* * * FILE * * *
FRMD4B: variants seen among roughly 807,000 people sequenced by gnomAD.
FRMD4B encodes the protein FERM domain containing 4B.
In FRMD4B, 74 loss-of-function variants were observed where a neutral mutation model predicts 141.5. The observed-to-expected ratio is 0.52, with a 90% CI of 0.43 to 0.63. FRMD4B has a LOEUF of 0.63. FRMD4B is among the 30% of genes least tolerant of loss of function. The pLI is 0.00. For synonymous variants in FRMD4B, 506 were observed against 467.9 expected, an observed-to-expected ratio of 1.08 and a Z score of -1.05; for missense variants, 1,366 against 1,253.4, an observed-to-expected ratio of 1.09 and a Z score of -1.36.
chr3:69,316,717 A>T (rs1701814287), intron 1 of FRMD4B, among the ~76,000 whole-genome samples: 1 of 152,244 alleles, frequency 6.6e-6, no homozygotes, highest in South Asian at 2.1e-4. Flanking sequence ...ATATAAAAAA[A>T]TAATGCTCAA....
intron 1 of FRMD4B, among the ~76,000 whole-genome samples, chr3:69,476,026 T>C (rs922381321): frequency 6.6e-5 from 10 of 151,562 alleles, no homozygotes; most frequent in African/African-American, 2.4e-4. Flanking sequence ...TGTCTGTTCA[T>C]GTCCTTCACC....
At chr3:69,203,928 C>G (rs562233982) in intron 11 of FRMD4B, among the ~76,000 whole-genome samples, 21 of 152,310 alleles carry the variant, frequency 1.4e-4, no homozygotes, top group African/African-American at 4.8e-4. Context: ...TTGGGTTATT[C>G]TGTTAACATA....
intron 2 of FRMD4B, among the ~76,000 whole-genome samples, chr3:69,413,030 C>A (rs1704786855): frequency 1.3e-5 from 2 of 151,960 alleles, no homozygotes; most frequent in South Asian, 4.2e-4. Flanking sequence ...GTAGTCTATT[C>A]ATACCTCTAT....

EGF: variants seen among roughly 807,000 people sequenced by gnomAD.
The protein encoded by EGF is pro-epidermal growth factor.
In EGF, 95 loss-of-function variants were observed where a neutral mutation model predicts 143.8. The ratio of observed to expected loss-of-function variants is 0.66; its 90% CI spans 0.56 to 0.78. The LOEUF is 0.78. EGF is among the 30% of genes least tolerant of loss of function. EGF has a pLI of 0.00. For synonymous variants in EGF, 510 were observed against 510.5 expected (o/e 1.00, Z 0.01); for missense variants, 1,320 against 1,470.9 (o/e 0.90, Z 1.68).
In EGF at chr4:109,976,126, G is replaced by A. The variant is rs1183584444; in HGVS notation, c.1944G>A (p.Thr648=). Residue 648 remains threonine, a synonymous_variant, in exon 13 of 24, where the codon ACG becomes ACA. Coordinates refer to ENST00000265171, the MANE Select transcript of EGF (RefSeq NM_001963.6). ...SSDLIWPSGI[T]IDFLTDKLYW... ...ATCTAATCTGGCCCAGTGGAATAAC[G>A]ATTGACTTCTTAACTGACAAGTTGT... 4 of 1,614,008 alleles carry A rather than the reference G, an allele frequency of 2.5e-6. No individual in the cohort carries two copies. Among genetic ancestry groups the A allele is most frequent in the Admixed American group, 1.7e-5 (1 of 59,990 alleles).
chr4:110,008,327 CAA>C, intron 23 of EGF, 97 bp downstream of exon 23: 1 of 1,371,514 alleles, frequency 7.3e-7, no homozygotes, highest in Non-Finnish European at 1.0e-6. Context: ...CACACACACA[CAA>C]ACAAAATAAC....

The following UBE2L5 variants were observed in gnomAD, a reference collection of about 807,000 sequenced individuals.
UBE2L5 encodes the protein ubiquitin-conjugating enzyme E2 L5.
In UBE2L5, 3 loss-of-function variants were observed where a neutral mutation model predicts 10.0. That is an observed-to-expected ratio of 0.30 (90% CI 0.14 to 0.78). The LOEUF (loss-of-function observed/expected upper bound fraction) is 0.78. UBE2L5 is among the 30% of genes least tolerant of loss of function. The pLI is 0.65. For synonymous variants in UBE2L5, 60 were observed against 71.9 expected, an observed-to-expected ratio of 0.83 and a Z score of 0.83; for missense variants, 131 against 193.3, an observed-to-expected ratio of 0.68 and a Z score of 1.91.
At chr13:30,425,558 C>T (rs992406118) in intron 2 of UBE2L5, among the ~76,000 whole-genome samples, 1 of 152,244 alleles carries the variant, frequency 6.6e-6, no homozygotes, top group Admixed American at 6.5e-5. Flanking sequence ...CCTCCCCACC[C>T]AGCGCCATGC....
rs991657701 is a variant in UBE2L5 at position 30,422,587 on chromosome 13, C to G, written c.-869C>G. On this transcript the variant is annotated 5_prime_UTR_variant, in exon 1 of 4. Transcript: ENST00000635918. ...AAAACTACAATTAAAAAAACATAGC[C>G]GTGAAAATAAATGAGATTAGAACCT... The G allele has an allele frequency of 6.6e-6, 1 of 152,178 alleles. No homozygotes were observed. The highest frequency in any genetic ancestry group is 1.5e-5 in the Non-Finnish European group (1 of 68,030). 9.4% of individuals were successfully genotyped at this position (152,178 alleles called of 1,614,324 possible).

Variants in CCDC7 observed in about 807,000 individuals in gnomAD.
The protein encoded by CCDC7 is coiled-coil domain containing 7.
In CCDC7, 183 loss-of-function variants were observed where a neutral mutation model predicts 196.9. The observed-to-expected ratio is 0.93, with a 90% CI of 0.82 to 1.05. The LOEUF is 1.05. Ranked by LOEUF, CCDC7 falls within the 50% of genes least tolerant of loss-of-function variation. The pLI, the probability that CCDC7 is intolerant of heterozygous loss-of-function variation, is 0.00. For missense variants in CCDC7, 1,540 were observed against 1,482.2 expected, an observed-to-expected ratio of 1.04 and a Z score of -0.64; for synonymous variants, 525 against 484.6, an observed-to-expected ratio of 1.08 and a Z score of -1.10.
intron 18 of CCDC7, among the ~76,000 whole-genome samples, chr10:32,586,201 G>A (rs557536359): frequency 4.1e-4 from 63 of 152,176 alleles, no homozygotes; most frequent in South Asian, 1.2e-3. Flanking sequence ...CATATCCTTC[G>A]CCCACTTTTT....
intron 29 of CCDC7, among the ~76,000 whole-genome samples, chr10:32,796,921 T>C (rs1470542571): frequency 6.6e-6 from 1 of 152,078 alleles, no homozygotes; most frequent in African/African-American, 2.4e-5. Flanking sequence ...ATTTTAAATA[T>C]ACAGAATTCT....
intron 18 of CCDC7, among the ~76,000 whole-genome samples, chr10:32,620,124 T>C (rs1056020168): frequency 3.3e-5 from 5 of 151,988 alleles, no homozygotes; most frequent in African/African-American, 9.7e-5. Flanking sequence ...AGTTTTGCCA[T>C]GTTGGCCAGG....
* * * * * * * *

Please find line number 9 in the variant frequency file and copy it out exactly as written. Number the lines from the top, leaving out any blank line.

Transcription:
The protein encoded by EGF is pro-epidermal growth factor.